“The needs by these populations, people who didn’t used to necessarily use the library, it’s just skyrocketed, especially since the pandemic,” said Stevenson. “Libraries can be an important part of the solution, but they just require funding.”
Situation improving ‘substantially’
Plesuk acknowledges that the library isn’t the “best or most optimal” place for people to get support for substance use, but it offers two things: warmth and internet.
Being able to get online — especially for those without a phone — is essential to access applications required for certain services.
“My dad was houseless for a long time and passed away of an opiate poisoning,” Plesuk said.
“We had long conversations about how much better he did when he had access to a cellphone. Social isolation is really hard for people. It’s hard to attend appointments and things like that.”
Coupled with Plesuk’s on-site support, Day says the situation has improved “substantially,” and staff are making fewer emergency calls.
As of Nov. 19, there have been 29 overdoses at the branch, and 56 in the system overall this year.
“It’s like a symbiotic relationship,” said Day, pointing to the various points that clients can access services.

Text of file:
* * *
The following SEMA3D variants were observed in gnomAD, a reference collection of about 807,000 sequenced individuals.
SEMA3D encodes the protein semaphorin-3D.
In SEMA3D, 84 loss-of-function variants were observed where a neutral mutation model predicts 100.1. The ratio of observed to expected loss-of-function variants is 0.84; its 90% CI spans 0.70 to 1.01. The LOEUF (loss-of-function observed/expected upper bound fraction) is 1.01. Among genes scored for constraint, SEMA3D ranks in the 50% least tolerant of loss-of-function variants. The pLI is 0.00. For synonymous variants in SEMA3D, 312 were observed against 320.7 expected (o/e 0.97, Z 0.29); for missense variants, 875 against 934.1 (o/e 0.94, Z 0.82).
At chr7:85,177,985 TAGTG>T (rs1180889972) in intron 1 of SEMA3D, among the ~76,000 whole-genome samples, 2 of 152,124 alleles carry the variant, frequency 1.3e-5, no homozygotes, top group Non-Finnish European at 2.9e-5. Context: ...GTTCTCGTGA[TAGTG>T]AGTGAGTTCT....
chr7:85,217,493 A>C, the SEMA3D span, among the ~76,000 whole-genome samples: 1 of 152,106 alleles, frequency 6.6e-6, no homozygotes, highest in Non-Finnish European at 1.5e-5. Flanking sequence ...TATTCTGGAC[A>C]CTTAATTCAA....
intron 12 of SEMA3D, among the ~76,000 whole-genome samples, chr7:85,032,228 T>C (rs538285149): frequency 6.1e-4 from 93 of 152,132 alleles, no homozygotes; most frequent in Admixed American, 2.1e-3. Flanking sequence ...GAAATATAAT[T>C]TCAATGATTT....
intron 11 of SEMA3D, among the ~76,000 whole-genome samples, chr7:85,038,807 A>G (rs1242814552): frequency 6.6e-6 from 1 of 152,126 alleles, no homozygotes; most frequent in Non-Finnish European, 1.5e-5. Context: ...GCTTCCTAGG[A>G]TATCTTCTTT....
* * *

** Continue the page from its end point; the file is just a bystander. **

“We have people … potentially going to the desk, be able to get support here. We have security, maybe providing them with support through the nurse or maybe somebody from our outreach team.”
The pilot project between Boyle Street Community Service and EPL is set to conclude at the end of December.
In a statement, the City of Edmonton says it’s looking at funding to “extend the important services that the overdose prevention and response team provides across our downtown communities,” including long-term support from the provincial and federal governments.
Despite the difficult nature of the work, Plesuk says it’s gratifying to be able to support the community.
“People are so kind, even though they are experiencing some things that I could never handle,” she said.
“And we just get to see community care every day.”